Sunday, September 23, 2018

"Blessed Are the Peacemakers." A meditation for the Interfaith Prayers for Peace" at Littlefield Presbyterian Church.

Some of the leaders and participants at Interfaith Prayers for Peace at Littlefield Presbyterian Church, 2018.

"Blessed Are the Peacemakers"

Matthew 5:1-16

         The verses we just heard are from Jesus’ Sermon on the Mount.” We heard Jesus speaking what we call the Beatitudes:  "Blessed are the poor in spirit...  the mourners...  the meek... the merciful...   Blessed are you when people revile you and persecute you....  Rejoice and be glad, for your reward is great in heaven."[1]
            Blessed are you who mourn. 
            For those of us who long for a better, more peaceful world, this is a distressing time. There are so many things to mourn.
            More than 400 children who were separated from their families at the southern border are still separated from their families.
            The mass shootings happen so often that we don’t even hear about most of them.
            People struggle to deal with the ways trauma from assault changed their lives, and the hashtag #Why I didn’t report is trending in social media.
            The list could go on and on…
            There are so many things to mourn.  Like poverty and injustice, in our communities, in our nation, and in the world.
            In the United States of America--one of the richest countries in the world. children remain the poorest age group. According to the Children’s Defense Fund, nearly one in five children--12.8 million in total-- were poor in 2017. Over 45 percent of these children lived in extreme poverty at less than half the poverty level.
            3 million children in the U.S. live in families surviving on $2 a day per person.[1]
            The federal poverty threshold is $12,140 for individuals and $25,100 for a family of four. One in seven people in the United States live below the federal poverty threshold. That’s 13.9% of the population, or 44.7 million. According to this federal threshold, a single adult making $12,141 is not poor, though they are considered “low income.”   The wealthiest 1 percent of American households own 40 percent of the country’s wealth, which is more than at any time in the past fifty years. [7]
            When we look around and see all the injustice and need, it can feel overwhelming and despairing.  But we don’t have to work alone.  I find myself mourning all this violence and need, and longing to do something. 
            So, what can we do? 
           We can begin by praying together and forging bonds of friendship and solidarity… getting to know one another better… opening our hearts and minds to one another… and finding ways to work together to change the world. 
            Sometimes, it’s a matter of seeing a need and working together to relieve suffering and let people know we care, like the time a group of interfaith friends gathered needed items for Syrian refugees and got together in somebody’s basement in this neighborhood and packed them for sending them.  People of different faiths work together with Project Dignity to feed desperately poor people in Detroit and address the needs of women and children through Zaman International.
            More than fifty years ago, Dr. Martin Luther King Jr. declared in his famous speech “A Time to Break Silence” that, “True compassion is more than flinging a coin to a beggar. It comes to see that an edifice which produces beggars needs restructuring.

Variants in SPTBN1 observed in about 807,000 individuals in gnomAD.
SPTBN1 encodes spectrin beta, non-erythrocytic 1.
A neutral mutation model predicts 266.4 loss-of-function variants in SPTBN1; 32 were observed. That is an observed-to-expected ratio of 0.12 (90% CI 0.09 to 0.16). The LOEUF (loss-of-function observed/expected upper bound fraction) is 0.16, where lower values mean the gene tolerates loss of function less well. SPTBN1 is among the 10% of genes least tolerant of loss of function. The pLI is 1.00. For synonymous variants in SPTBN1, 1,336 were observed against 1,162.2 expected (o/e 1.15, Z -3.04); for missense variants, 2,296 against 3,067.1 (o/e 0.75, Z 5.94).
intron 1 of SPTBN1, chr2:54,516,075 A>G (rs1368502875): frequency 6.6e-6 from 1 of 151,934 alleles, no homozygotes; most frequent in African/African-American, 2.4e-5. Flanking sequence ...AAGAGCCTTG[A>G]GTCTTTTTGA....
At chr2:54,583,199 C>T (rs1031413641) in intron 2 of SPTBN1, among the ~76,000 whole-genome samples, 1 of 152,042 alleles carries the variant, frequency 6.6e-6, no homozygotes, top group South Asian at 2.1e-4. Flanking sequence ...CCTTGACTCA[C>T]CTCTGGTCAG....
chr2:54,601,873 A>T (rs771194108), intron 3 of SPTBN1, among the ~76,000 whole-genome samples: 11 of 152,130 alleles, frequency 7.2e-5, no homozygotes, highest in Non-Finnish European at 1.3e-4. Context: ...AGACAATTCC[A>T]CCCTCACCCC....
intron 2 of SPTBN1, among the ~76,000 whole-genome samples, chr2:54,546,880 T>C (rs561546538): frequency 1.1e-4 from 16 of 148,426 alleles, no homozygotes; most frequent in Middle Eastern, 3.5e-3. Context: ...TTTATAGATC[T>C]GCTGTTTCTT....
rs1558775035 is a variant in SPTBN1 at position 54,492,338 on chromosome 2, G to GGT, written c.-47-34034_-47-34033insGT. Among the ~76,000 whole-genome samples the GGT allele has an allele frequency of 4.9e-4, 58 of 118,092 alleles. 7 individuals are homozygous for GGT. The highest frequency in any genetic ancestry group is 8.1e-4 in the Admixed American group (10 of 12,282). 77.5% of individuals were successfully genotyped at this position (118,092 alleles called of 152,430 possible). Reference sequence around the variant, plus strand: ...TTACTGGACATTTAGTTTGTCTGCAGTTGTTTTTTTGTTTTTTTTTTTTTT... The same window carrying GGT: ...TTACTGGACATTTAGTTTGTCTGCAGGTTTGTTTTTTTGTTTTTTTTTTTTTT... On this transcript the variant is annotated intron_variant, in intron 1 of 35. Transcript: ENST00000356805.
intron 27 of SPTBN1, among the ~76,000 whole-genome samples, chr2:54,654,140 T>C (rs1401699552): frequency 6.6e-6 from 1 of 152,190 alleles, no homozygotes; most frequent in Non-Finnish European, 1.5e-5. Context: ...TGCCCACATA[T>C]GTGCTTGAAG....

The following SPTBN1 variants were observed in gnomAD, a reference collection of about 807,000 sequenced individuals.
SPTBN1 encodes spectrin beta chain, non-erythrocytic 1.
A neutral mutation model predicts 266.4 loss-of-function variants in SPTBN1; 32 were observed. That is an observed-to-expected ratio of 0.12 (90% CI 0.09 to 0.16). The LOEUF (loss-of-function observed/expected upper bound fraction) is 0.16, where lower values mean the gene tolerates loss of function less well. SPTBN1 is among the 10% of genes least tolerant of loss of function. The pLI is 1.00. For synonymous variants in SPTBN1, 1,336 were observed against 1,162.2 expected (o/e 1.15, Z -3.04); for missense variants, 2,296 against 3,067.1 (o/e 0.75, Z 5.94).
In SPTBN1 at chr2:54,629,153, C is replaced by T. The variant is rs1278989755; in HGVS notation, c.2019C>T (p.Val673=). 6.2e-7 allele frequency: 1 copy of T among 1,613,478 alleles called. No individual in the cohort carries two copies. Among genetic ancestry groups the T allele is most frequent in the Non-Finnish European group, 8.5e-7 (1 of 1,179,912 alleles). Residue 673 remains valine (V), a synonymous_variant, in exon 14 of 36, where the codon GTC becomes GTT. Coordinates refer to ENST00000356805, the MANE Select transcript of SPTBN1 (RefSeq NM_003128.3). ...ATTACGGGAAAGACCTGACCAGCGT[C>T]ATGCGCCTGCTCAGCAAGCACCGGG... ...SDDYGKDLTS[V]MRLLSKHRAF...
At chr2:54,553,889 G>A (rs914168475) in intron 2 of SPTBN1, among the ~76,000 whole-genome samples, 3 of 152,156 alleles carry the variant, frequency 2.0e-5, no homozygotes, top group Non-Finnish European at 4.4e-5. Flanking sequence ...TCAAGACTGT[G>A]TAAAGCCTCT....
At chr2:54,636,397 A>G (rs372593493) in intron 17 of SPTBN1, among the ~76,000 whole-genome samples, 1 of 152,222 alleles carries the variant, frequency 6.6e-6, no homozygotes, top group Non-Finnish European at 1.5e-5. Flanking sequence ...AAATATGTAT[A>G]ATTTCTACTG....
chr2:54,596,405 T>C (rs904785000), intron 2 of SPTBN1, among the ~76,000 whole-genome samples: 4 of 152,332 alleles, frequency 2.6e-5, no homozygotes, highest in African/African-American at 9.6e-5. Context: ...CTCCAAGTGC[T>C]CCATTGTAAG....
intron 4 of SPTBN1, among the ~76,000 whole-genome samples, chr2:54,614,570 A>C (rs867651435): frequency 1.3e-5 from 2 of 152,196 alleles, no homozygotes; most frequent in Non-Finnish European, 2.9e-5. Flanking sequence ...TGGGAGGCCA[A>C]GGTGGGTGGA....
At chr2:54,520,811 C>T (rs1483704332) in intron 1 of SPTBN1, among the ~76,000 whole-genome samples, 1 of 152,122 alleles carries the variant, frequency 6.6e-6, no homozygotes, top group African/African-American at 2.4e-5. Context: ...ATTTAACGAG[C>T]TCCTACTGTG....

Last May, on the Monday after Mother’s Day, in our nation’s capital and in state capitals around the country, people who are committed to work for a fairer society gathered to launch the first phase of a new Poor People’s Campaign. This is an interfaith movement, made up of older people and younger people, Jews, Muslims, Christians, people of other faiths and people of goodwill who aren’t part of a religious community. It’s a movement that gives voice to people who are directly impacted by poverty and injustice, that brings people together in solidarity as we work together in a series of actions to try to change the conversation in our nation about systemic injustice.
            There’s hard work to be done.   But we can work together to make a difference.  There are values our faith traditions hold in common—values that have to do with love and justice and peace. 
            For all people of faith and goodwill, this is a time for us to find ways to come together and work for a better, more peaceful, merciful, and just world--for everyone.
            As Dr. Martin Luther King, Jr. said, “We must learn to live together as brothers [and sisters] or perish together as fools."
            Our commitment to peace and justice and reconciliation, and our love for our own children, demands that we provide a better inheritance for them.” There’s hard work to be done.   But we can work together to make a difference.

             After worship, we invite you to stay for a time, to enjoy some refreshments and conversation.   We hope you’ll make a new friend today.  Talk with one another about your families—especially your children or grandchildren and about what kind of a world you want to leave for them.
            Talk about what teachings from our various faith traditions inspire and challenge you…and about what common ground you see in our various traditions. Talk about the people who inspire you and challenge you in your commitment.
            Let’s renew our commitment to change the world-- beginning today. 

Rev. Fran Hayes, Pastor
Littlefield Presbyterian Church
Dearborn, Michigan
September 23, 2018

[1] Child Poverty, at Children’s Defense Fund website:


[1] Child Poverty, at Children’s Defense Fund website:

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